Increased Facility Security


Increased Facility Security

  • Hospitals especially have a very high volume of staff, contractors and visitors with 24 x 7 entry and egress requirements, causing significant security challenges. Once they arrive on-site, their whereabouts may or may not be known.
  • Visually distinguishing doctors, nurses, staff, contractors, visitors and even patients from each other can be difficult, placing increased emphasis on electronic and physical security.
  • Where “restricted access” exists, it is generally based on job code or rank and not on qualifications or certifications required to access an area or the equipment/medications/supplies in a particular area (this could include meeting safety/education requirements, having authorization to controlled substances or being trained and certified, etc.).
  • There are significant regulatory and compliance challenges associated with physical security and access requirements. Such challenges involve issues such as patient privacy, access to patient records, governance of medications and controlled substances, access to certain areas of the facility and authorization to perform certain functions, among many others.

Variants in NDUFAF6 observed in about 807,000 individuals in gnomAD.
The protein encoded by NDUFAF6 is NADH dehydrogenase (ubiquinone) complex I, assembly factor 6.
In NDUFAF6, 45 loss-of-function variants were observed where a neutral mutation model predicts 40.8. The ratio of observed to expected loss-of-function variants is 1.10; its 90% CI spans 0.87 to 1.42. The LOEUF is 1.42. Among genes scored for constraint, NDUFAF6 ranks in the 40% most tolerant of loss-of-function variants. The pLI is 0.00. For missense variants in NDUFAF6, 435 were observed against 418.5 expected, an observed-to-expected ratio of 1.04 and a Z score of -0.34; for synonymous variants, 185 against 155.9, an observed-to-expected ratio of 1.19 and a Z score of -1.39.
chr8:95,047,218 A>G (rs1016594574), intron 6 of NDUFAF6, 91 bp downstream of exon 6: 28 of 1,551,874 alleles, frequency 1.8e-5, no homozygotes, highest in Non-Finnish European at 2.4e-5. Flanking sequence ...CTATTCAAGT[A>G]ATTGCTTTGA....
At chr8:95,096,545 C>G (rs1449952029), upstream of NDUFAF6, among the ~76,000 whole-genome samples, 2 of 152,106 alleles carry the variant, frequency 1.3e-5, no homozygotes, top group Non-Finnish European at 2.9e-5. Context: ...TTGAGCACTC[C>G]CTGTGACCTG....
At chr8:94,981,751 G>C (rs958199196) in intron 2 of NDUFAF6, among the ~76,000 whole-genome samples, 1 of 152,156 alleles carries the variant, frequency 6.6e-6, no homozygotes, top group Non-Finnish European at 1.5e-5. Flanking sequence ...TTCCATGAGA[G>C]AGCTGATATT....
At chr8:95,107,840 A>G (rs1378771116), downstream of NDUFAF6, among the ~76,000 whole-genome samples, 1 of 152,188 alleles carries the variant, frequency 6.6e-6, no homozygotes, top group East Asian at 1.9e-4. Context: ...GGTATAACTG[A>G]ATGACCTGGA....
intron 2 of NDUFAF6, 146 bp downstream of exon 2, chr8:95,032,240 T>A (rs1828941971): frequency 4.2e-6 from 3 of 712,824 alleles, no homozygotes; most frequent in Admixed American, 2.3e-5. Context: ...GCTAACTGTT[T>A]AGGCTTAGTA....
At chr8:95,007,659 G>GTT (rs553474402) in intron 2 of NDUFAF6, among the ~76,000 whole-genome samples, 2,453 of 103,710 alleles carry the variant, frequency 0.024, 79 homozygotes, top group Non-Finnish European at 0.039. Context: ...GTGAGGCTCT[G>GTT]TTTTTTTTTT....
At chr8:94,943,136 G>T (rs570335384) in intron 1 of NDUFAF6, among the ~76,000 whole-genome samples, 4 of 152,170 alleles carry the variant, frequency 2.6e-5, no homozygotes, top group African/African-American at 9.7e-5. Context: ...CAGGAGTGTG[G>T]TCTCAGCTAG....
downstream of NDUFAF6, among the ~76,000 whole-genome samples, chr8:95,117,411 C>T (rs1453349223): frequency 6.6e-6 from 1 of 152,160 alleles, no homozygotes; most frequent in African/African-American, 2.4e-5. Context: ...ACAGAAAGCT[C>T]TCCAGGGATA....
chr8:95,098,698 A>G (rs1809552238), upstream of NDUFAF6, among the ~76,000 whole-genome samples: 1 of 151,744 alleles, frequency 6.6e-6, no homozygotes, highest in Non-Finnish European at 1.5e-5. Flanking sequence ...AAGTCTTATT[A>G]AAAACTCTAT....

• “Smart” badges leveraging RFID technology for all who set foot in a hospital make it possible to uniquely and automatically identify individuals and associate them with their security and access privileges.
  • Status, qualifications, certifications and authorizations can be systematically associated with all individuals in the facility such that access is only granted to those qualified to perform work in or visit that part of the facility.
  • Patients, in particular, can be badged and tracked to greatly reduce “wandering” through automated alarms and alerts, and such that they can quickly be located if they do wander (especially critical with psychiatric, dementia, Alzheimer’s and elderly patients).
  • Cabinets, refrigeration units and freezers used for storage of expensive medications or controlled substances can be systematically associated with a limited number of individuals authorized to access them. Unauthorized attempts to access can be flagged and tracked.


  • Increased safety for all concerned.
  • Improved regulatory, security and safety compliance
    • Improved access control to facilities or to areas within facilities
    • Verifiable actions and 24 x 7 data records to support compliance activities
    • Comprehensive program support across facilities, personnel and materials/assets
    • Documentation of who is or was where at any given point in time
  • Reduced liability (and potential litigation) due to inadequate processes and procedures.
  • Reduced Costs
    • Reduced “shrinkage” and loss of materials due to unauthorized access
    • Reduced loss and theft of capital equipment due to unauthorized personnel